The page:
Philippine Genome Center

Philippine Genome Center
Established 2009 (2009)
Research type Basic and Applied
Field of research
Location Quezon City, Philippines
Affiliations University of the Philippines Diliman

The Philippine Genome Center (PGC) is a multi-disciplinary research facility in Quezon City, Metro Manila, Philippines which specializes in genomics.


The Philippine Genome Center was first conceptualized in 2009 in response to the SARS outbreak which affected Hong Kong, the dengue outbreaks which affecting the Philippines, and the then-ongoing H1N1 flu pandemic which originated in Mexico. The first grants received by the PGC were for dengue diagnostic testing and H1N1 surveillance.[1] Initially the facility was placed under the jurisdiction of the University of the Philippines (UP) Diliman's Office of the President as per the approval of the UP Board of Regents in its July 31, 2009 meeting.[2]

The UP Board of Regents approved the transfer of management and supervision of the PGC from the university's Office of the President to the Office of the Vice President for Academic Affairs in February 26, 2016.[2]


The PGC has two "core facilities"; the Core Facility for Bioniformatics (CFB) and the DNA Sequencing Core Facility. A biobank is planned as PGC's third facility.[3] The two facilities were funded by a ₱100 million (US$2.2 million) grant over three years from the Philippine Council for Industry, Energy and Emerging Technology Research and Development (PCIEERD) of the Department of Science and Technology.[1]

DNA Sequencing Core Facility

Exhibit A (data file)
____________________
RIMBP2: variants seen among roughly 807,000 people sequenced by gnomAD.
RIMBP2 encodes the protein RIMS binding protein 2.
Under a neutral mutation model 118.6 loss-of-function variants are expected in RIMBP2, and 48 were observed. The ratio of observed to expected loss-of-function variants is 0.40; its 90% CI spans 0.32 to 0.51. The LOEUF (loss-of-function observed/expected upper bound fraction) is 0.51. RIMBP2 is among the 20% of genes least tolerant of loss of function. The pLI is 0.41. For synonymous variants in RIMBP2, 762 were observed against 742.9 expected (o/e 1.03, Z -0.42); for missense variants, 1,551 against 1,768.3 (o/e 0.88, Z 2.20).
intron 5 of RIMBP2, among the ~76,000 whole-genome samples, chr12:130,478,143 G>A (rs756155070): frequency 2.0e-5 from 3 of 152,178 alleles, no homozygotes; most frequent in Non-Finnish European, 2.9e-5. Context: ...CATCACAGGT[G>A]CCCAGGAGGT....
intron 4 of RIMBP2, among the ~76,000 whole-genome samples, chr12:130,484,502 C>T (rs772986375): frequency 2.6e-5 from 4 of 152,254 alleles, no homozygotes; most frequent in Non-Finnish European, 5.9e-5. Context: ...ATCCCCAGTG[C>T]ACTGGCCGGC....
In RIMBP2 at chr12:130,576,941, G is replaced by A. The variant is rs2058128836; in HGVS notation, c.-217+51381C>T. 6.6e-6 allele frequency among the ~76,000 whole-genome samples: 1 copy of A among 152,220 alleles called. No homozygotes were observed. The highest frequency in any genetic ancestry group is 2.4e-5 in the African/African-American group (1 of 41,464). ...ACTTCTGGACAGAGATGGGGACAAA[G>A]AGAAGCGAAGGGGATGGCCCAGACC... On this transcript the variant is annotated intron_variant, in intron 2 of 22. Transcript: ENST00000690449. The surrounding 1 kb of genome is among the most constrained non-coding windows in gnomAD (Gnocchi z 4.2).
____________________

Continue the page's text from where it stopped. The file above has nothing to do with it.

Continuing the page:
Opened in September 24, 2013 The DNA Sequencing Core Facility (DSCF) was the first core facility to open. Genomic studies in the field of agriculture, biodiversity, forensics, health, and ethnicity are conducted in the DSCF with the intent to specifically cater to Filipino needs.[3] DNA and Genome sequencing services are provided at the DSCF.[1]

Core Facility for Bioniformatics

The Core Facility for Bioinformatics (CFB) is a facility that provides genome-scale data generation and analysis to local researchers in the academe, from government institutions and private organizations. It also provides genomic data storage. It is also augmented by a IBM Blue Gene supercomputer which is also used by the Philippine Atmospheric, Geophysical and Astronomical Services Administration (PAGASA) and Project Nationwide Operational Assessment of Hazards (Project NOAH) for weather forecast and climate change modelling purposes in addition to genomic research use. The CFB was launched in April 14, 2014 while the supercomputer was made operational within the same day.[4]


  1. 1 2 3 Estospace, Eden (4 March 2015). "Philippine Genome Center: Big step in health and agri research". Enterprise Innovation. Retrieved 21 April 2018.
  2. 1 2 "About". Philippine Genome Center. Retrieved 21 April 2018.
  3. 1 2 Luces, Kim (25 September 2013). "PHL Genome Center opens new DNA sequencing facility to local researchers". GMA News. Retrieved 21 April 2018.
  4. Ronda, Rainier Allan (15 April 2014). "DOST activates IBM supercomputer". ABS-CBN News. Philippine Daily Inquirer. Retrieved 21 April 2018.
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